Dogs in Evaluation at Lifeline

Learn more about dogs in evaluation at Lifeline Dog Rescue including why some do not have a unique page on our website. Our dogs in evaluation may graduate to adoptable within days, or require extended stays for medical treatment and rehabilitation during recovery.

Some dogs may have behavioral or social issues that need to be identified and worked on before becoming adoptable.

The photo collage below shows just 3 of our dogs in what may be long term evaluation.

dogs in rehab hope blue dermot

Examples of Dogs in Rehab and Evaluation (left to right): Hope, Blue, and Dermot

Situations like post-op recovery or heartworm treatment may take months. Dogs who were caged for breeding or timid due to abuse may take a longer time to develop social skills and trust in humans.

Stories and posts about these dogs may appear on our blog or Facebook page and Twitter. Until they pass evaluation and are ready for adoption, we don’t create pages on the main Lifeline Dog Rescue website.

Others may go from evaluation to a permanent resident status for reasons including advanced age as one factor, and we become their caretakers for life.

Lifeline continues to develop relationships with publicly funded animal shelters as adoption partners. Most lack the funds to provide their dogs urgent medical treatment if immediate surgery is required. Other dogs may be heartworm positive or have other long term treatment conditions like skin disease or non-life threatening injuries.

Long term care is usually not in the budget for public shelters. Without an adopter or rescue group to step up and foot the bill, many of these dogs would be euthanized. We have regularly pulled dogs from shelters literally within hours of imminent death due to injury or within minutes of euthanization because of long term medical treatment needs.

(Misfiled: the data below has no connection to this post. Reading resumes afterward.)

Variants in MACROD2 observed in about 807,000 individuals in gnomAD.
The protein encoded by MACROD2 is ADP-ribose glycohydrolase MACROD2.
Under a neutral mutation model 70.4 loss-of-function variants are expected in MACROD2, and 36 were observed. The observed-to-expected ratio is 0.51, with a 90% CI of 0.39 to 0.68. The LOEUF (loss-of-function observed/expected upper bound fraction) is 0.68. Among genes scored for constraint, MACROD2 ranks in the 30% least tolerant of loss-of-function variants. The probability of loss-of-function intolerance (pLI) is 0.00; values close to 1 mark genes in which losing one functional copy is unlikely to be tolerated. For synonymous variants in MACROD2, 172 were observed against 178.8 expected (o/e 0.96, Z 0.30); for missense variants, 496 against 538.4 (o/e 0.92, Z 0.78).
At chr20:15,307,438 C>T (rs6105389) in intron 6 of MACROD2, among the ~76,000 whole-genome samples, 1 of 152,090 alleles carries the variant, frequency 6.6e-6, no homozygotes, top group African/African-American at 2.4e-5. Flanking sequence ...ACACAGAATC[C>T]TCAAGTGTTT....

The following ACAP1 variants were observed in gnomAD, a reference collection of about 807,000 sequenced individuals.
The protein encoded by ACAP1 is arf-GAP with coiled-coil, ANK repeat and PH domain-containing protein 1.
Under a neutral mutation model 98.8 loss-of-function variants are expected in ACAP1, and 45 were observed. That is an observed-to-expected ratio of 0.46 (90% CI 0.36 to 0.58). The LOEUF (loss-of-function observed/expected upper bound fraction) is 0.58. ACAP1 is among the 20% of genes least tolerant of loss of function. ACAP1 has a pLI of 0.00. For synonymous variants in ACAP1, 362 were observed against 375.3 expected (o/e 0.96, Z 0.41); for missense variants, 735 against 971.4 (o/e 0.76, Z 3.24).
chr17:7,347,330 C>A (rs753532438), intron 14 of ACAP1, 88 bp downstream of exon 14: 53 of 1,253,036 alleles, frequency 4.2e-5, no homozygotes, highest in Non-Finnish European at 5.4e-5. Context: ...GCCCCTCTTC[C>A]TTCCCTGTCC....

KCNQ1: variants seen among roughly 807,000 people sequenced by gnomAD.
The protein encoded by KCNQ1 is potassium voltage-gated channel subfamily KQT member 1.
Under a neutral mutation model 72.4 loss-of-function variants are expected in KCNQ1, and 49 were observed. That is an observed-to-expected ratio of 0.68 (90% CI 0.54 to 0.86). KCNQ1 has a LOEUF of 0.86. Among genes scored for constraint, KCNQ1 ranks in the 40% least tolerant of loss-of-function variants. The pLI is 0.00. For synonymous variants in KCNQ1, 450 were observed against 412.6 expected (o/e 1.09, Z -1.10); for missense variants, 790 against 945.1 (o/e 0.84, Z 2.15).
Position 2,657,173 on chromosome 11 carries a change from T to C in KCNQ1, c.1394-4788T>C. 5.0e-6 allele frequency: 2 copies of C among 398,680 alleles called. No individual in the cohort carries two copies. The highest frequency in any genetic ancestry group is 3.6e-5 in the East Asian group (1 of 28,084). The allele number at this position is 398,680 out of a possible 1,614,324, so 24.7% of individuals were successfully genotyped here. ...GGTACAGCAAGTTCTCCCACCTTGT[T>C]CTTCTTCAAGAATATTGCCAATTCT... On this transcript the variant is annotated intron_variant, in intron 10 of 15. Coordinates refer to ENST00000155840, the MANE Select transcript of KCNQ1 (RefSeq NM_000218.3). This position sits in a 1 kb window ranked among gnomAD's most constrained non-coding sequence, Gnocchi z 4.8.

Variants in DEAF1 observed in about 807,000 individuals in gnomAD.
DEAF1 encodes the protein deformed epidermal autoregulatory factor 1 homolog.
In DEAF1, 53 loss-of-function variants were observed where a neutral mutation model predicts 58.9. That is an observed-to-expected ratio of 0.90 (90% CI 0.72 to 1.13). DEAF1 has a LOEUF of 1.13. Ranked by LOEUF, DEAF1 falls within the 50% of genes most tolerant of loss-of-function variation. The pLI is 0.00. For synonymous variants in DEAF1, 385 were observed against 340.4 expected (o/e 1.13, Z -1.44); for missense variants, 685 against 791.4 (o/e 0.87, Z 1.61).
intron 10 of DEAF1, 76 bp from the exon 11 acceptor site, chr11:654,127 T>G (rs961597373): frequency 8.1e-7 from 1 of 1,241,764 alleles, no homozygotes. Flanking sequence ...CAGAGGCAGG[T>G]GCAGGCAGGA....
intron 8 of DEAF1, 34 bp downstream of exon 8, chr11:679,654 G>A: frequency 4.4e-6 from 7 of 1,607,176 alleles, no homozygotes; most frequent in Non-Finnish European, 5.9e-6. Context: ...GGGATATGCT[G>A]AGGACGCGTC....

Since our website launched in December 2011, we average one dog per month pulled from public kill shelters in response to urgent requests due to life threatening disease or injury. Some require surgery in excess of $5000. Ongoing medical follow up visits for veterinary treatment and just their daily care adds to those costs.

As a non-profit charitable 501c3 organization, we do post ChipIn donation requests for some of our dogs, yet not all. We try to limit ChipIn donation campaigns to one dog at a time, so those are usually published for the worst cases.

For one example of an urgent case that was not publicized, view the male Min Pin Mix Paco adoption listing posted after he had hip surgery. Paco did not appear on Facebook, Twitter, or our blog until listed ready to adopt.

If Paco was adopted at the time you read this post, the link above will take you to his Happy Tails forever home story.

Currently and at any given time, we have between 5-10 dogs in various stages of evaluation. Our staff are all-volunteer personnel and most have full time jobs, so we may not publish regular updates on the status of dogs in evaluation. Caring for 20-30 dogs is our second full time job with no vacation or days off.

Follow links near the bottom of the right side column on every page to Facebook and Twitter for the latest news.

Visitors may also follow this link to learn more about resident dogs at Lifeline Dog Rescue.

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